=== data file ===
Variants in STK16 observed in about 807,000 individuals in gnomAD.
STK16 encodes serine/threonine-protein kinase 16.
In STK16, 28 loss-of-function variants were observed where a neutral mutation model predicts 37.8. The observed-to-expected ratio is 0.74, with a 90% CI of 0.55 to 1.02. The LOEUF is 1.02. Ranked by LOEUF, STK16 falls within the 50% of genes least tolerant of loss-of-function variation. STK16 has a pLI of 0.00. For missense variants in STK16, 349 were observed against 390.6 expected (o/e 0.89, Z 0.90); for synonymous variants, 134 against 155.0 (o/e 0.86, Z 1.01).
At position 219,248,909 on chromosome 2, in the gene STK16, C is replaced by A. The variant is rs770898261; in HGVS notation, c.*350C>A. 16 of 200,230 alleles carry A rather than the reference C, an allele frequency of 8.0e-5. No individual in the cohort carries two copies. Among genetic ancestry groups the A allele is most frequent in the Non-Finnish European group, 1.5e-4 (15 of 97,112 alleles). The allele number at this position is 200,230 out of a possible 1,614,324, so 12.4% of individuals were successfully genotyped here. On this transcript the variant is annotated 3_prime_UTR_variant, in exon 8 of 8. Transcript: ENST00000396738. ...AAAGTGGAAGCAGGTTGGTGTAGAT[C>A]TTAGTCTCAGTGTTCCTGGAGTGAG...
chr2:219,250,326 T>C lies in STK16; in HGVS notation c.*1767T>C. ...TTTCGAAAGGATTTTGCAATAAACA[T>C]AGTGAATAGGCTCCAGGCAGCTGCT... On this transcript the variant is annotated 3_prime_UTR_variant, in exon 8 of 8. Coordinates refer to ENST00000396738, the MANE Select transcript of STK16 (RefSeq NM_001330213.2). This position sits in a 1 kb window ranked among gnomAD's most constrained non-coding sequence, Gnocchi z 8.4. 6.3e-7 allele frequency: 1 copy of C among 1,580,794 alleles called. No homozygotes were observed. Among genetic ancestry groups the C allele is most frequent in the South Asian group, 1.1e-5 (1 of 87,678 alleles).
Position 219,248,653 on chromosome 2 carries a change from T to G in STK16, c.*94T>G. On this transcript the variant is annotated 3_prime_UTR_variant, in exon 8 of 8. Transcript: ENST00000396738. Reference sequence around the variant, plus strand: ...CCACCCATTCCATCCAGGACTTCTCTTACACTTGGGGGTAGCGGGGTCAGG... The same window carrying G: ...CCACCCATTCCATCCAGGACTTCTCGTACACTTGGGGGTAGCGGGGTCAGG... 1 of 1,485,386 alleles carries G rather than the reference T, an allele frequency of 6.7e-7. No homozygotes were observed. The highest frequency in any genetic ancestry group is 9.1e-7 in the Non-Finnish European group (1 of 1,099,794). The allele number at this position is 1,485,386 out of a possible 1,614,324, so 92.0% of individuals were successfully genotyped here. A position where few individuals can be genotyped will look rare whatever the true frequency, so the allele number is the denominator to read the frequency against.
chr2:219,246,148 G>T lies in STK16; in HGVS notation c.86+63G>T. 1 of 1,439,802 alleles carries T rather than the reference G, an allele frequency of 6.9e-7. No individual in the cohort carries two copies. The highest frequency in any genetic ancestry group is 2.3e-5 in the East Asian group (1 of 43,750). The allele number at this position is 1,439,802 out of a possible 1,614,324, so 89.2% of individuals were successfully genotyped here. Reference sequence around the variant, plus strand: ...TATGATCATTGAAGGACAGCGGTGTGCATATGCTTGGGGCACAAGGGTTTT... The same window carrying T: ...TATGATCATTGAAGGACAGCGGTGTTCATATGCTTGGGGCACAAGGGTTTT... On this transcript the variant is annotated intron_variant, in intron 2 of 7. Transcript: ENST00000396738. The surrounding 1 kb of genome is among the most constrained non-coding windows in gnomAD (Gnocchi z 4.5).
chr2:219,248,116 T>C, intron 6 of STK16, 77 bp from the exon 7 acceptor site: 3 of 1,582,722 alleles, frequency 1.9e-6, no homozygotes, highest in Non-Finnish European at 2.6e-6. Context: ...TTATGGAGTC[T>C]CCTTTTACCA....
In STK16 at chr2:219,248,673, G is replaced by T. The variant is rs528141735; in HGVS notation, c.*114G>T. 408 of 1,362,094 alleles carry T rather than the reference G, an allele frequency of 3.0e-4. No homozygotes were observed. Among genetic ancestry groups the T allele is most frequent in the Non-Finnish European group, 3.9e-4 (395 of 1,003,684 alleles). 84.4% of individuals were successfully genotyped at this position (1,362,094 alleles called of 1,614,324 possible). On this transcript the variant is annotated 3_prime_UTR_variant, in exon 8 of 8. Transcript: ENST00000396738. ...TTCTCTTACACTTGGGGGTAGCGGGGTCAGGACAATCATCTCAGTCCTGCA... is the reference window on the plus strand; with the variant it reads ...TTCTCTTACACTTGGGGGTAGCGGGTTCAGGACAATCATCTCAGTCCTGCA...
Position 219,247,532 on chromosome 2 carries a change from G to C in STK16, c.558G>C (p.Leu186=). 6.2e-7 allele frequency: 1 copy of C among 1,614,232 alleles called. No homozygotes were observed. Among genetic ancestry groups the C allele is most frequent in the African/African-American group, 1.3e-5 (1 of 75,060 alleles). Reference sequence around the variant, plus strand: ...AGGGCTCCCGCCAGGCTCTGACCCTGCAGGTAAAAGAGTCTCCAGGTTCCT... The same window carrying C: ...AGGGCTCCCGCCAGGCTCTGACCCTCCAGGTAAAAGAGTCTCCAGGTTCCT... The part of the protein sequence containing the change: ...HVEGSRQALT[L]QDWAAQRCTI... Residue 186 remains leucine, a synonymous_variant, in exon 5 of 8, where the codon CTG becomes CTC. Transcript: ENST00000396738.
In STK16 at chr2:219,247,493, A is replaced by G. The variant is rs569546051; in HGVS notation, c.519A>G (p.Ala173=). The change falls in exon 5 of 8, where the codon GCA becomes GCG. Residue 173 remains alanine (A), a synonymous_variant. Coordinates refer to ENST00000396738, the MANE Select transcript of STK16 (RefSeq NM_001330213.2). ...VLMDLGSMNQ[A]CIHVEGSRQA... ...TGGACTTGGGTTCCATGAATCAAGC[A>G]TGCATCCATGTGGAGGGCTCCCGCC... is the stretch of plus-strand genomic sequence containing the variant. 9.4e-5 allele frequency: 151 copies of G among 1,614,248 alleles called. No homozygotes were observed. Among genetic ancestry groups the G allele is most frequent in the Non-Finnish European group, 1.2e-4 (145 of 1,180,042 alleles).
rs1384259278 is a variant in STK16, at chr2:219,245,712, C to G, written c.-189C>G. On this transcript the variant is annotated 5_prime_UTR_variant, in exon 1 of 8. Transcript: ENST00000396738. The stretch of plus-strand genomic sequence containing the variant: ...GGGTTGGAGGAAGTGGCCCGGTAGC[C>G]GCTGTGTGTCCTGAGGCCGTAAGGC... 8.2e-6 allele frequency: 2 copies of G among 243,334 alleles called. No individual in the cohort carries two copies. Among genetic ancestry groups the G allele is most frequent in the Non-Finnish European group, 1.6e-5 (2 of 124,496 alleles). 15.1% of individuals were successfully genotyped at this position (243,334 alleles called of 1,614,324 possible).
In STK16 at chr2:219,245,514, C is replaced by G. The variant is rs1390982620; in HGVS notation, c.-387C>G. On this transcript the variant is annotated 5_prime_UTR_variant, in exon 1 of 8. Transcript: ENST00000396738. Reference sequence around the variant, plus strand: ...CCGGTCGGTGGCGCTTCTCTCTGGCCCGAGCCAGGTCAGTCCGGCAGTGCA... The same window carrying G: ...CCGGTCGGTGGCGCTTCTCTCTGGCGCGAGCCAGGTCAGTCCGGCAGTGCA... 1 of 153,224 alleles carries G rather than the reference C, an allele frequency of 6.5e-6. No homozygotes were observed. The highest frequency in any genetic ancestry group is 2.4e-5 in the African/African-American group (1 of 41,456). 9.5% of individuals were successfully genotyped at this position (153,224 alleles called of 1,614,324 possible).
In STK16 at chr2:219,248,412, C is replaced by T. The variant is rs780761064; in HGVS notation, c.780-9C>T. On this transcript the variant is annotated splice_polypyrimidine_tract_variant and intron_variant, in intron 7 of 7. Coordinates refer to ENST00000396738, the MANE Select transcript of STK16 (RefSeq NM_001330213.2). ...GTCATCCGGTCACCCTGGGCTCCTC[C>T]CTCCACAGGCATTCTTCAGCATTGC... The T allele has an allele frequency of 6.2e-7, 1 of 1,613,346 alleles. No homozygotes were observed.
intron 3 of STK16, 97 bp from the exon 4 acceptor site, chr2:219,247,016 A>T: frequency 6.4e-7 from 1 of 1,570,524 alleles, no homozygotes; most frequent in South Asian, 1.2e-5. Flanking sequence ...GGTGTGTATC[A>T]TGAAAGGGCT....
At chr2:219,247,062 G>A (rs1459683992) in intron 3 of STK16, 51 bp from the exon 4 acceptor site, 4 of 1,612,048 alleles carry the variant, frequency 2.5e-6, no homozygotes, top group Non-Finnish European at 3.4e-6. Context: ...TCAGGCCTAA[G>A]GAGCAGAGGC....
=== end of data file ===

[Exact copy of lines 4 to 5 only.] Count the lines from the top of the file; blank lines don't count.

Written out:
At position 219,248,909 on chromosome 2, in the gene STK16, C is replaced by A. The variant is rs770898261; in HGVS notation, c.*350C>A. 16 of 200,230 alleles carry A rather than the reference C, an allele frequency of 8.0e-5. No individual in the cohort carries two copies. Among genetic ancestry groups the A allele is most frequent in the Non-Finnish European group, 1.5e-4 (15 of 97,112 alleles). The allele number at this position is 200,230 out of a possible 1,614,324, so 12.4% of individuals were successfully genotyped here. On this transcript the variant is annotated 3_prime_UTR_variant, in exon 8 of 8. Transcript: ENST00000396738. ...AAAGTGGAAGCAGGTTGGTGTAGAT[C>A]TTAGTCTCAGTGTTCCTGGAGTGAG...
chr2:219,250,326 T>C lies in STK16; in HGVS notation c.*1767T>C. ...TTTCGAAAGGATTTTGCAATAAACA[T>C]AGTGAATAGGCTCCAGGCAGCTGCT... On this transcript the variant is annotated 3_prime_UTR_variant, in exon 8 of 8. Coordinates refer to ENST00000396738, the MANE Select transcript of STK16 (RefSeq NM_001330213.2). This position sits in a 1 kb window ranked among gnomAD's most constrained non-coding sequence, Gnocchi z 8.4. 6.3e-7 allele frequency: 1 copy of C among 1,580,794 alleles called. No homozygotes were observed. Among genetic ancestry groups the C allele is most frequent in the South Asian group, 1.1e-5 (1 of 87,678 alleles).